The next day we take the free shuttle bus, that we pre booked online, to Jeonju our first stop. In Jeonjo we are staying in a typical Hanok Ondol. An Ondol is a traditional type of room where there is basically no furniture and also no bed! A small fridge in the corner is the only thing that is in the room. There are some folded matresses, blankets and pillows in a corner. In the evening you just put these matresses and blankets on the floor and voila your bed is made up. The matresses are quite thin so it still feels like you’re sleeping on the floor. On the other hand the bathroom is again big and clean. Jeonju is known for its tradional Hanok village. So we start to wander through the village. It is one of the most popular villages in Korea and you can see that as most Hanok houses are converted into restaurants and handicraft shops. This means also that there are a lot of tourists around. The majority is actually Korean and Japanese. There are only a handful of western tourists to be seen. Luckily there is still an area with Hanok houses where you can still see how it used to be before everything was turned into restaurants and handicraft shops. We visit some of the shops and the king’s palace. Jeonju is also famous for one of the national dishes called Bibimbap. This is a rice dish that is served with meat / fish, different kinds of vegetables, chillipaste and a raw eggyolk. All neatly arranged on top of the nice with the whole raw egg yolk in the middle. It looks beautiful but then you have to mix it all through the rice until it is one big reddish dish that doesn’t look appetizing at all anymore. But man it tastes good. So many flavors it is really delicious. The next day we decide to go for a hike as we’ve been into cities long enough we need some serious exercise. We take the bus to the Geumsan Sa & Moaksan provincional park. When we arrive we walk to the information stand expecting to communicate with our hand and feet to get some information but the woman behind the counter speaks perfect English and is also very helpful in getting us on the right track for a hike. The hike itself is not the most interesting but what was interesting is to see how the Koreans are geared up for the walk. In a completely new (at least that is what it looks like) outfit of the latest fashion they walk up the mountain. On the way down we pass along the temple complex of Geumsan Sa. As this is still in use as a Bhuddist temple it is more elaborately decorated than all the palaces we’ve seen before in Korea. Our next stop on the trip is Busan. We take the express bus which is very, very comfortable. In Busan we take the metro to downtown Busan and with the information pages (that the hotel owner emailed us) in our hand we easily find the hotel. This is our first Love Hotel. Love hotels are quite common in South Korea. As people are living in quite small apartments usually with the whole family together they sometimes want some privacy. That’s what these hotels provide. Of course they are also used to be rented by the hour. You know you’re in a Love Hotel when you enter through a curtain of ropes via the parking lot. There is no real reception but a hole in the wall to get your key. In the elevator there is a box where you can leave your key to make clear that you want “company”. This doesn’t mean that the rooms are sleazy. On the contrary! The rooms are big, clean and comfortable. Our bathroom even has a Turkish steam shower! This is our best room sofar and that for only 35 euro! But we are here to explore the city! Busan is a city of extremes. First you walk in a shopping street with all the latest fashion shops then you turn a corner and you are in a kind of streetmarket with all the cheap clothes and all other stuff you can think of. Turn a corner again and you are in a food market with all sorts of food. All varieties of Kimchi that you can think of. It just goes on and on. Little food stalls where you can get one of the specialities here which is a kind of ommelette / pancake with loads of spring onions. Just keep walking and you come across more little food stalls that are not in use during daytime but at night they turn into a place where you can eat fresh fish. Talking about fish they have the biggest fish market here in the world. They really have all kinds of fish, shellfish, and octopus either dried, on ice or still alive in water tanks. The fish market is so big and overwhelming that you get a bit worrysome if there is still fish in the sea here and will they be able to sell it all or does it all goes to waste. You just get rid of the smell of fish and you enter the biggest shopping mall with again all the latest fashion shops and people all dressed up. I don’t think I have ever seen such a big contrast in a city by just walking arround for a couple of hours. But I must say the city really feels alive and kicking and we both like it a lot, a lot more than Seoul. In the evening we have a meal at the fish market where we have a dish of eels, onions and chillipaste.It is definitely freshly prepared as the cut up eel is still moving when they put it on the BBQ in aluminium foil! The next day is again a day of extremes. First we visit a peaceful temple that is beautifully situated in the hills just outside the city centre. Then a masterpiece of modern architecture which is the biggest movie theatre in the world that is situated next to the biggest shopping mall in the world. Another couple of stops on the metro and you are in a suburb with the best 2 km long beach in South Korea. Here you also have the large hotel chains and here you find the majority of the western tourists and ex-pats. The beach is the only place where the westerners are in the majority! We finish the day with a great meal of shellfish (didn’t count the amount of different kinds and sizes), a whole octopus and a whole crab. We would have loved to stay another day but we have to move on the next town. But more of that in our next blog.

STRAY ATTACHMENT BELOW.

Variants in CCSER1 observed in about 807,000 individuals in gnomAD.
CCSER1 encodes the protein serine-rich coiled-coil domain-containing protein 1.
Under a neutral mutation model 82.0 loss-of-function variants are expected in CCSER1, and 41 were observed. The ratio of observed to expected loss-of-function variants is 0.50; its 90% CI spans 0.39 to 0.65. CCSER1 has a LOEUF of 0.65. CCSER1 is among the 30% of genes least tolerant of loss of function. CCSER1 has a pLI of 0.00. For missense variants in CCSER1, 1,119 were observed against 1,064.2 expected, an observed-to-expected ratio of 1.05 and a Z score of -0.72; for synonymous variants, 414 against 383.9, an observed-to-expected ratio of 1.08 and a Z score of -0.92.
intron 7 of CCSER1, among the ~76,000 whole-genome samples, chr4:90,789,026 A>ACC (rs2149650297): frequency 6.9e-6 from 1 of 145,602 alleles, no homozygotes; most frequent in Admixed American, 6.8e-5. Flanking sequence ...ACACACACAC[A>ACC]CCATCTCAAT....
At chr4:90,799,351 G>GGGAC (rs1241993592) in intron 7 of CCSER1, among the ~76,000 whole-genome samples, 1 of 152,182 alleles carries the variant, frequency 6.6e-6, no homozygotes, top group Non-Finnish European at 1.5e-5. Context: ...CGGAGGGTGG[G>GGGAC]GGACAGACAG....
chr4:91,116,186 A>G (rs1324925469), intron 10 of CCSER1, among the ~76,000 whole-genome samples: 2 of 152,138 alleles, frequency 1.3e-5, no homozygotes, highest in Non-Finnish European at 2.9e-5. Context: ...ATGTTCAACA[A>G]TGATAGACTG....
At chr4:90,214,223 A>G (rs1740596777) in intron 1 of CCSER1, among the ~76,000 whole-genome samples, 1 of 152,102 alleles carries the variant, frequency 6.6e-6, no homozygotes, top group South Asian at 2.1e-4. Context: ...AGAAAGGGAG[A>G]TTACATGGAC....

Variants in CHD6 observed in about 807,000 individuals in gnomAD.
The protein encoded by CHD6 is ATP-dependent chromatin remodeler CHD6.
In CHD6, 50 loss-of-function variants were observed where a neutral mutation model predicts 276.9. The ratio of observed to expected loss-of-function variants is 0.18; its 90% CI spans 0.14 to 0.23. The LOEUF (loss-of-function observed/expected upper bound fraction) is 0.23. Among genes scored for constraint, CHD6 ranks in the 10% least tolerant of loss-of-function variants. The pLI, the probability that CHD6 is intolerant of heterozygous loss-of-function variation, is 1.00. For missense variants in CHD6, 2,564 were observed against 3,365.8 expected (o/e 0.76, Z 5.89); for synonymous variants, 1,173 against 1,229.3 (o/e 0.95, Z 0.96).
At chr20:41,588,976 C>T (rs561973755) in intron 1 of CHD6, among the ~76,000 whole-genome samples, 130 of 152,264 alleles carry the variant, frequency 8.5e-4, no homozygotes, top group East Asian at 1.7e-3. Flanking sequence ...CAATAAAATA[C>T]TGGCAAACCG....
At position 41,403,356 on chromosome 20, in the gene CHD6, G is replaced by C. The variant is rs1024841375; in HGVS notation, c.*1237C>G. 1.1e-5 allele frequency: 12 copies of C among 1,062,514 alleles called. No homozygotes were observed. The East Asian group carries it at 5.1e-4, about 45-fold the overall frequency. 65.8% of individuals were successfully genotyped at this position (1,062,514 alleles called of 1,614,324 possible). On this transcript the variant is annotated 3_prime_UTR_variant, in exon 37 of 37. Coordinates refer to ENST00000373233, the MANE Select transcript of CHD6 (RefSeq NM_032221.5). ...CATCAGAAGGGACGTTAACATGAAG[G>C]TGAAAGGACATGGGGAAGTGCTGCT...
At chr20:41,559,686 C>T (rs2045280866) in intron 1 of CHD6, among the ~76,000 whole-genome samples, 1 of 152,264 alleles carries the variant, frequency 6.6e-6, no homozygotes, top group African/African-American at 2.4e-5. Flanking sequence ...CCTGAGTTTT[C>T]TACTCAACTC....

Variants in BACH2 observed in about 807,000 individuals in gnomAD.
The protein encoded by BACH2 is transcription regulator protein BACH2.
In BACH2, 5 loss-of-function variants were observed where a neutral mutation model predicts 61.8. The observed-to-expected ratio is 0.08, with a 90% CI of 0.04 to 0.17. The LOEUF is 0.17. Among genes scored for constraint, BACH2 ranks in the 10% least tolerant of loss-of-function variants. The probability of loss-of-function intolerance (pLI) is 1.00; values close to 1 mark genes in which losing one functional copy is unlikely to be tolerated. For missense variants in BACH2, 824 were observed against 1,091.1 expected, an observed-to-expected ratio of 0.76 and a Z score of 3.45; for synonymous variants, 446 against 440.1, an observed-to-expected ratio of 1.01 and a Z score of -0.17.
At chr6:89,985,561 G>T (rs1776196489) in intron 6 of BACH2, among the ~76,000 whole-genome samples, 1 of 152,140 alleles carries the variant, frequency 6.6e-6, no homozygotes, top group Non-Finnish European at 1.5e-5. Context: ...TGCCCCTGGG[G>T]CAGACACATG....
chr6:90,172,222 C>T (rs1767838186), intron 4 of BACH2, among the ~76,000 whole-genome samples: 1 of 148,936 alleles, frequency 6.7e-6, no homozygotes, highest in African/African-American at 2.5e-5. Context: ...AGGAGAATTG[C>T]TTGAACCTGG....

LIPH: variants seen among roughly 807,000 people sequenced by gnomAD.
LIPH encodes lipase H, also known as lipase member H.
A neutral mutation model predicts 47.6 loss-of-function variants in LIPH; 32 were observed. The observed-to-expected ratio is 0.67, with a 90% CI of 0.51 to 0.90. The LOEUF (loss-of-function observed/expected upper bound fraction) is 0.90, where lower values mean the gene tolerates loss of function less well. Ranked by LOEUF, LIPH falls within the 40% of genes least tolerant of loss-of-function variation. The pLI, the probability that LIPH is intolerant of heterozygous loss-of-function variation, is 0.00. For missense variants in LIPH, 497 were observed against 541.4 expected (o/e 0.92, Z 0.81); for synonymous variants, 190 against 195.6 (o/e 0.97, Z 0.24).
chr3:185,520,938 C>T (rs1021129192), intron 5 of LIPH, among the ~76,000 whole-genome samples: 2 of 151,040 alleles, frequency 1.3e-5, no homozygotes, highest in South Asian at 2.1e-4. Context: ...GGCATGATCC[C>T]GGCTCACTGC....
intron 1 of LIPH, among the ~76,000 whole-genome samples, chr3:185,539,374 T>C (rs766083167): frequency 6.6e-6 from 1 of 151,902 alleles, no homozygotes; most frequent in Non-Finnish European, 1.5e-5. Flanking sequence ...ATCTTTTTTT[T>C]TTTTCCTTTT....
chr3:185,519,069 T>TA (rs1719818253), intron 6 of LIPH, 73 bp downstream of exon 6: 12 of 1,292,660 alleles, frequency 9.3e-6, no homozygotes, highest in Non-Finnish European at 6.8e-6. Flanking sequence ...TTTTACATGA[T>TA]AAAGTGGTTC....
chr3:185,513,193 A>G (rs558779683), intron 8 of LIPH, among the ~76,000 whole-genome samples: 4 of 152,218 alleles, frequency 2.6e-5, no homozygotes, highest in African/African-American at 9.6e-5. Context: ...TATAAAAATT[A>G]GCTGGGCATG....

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Aurelie on

Hi Paul and Ton,
Champagne in economy class is not usual. This trip started well!
I love Korean BBQ! I hope I will go to Korea to eat a real one, with all the things you describe!
I like your description of the Korean fashioned outfit and the Love Hotels ;-)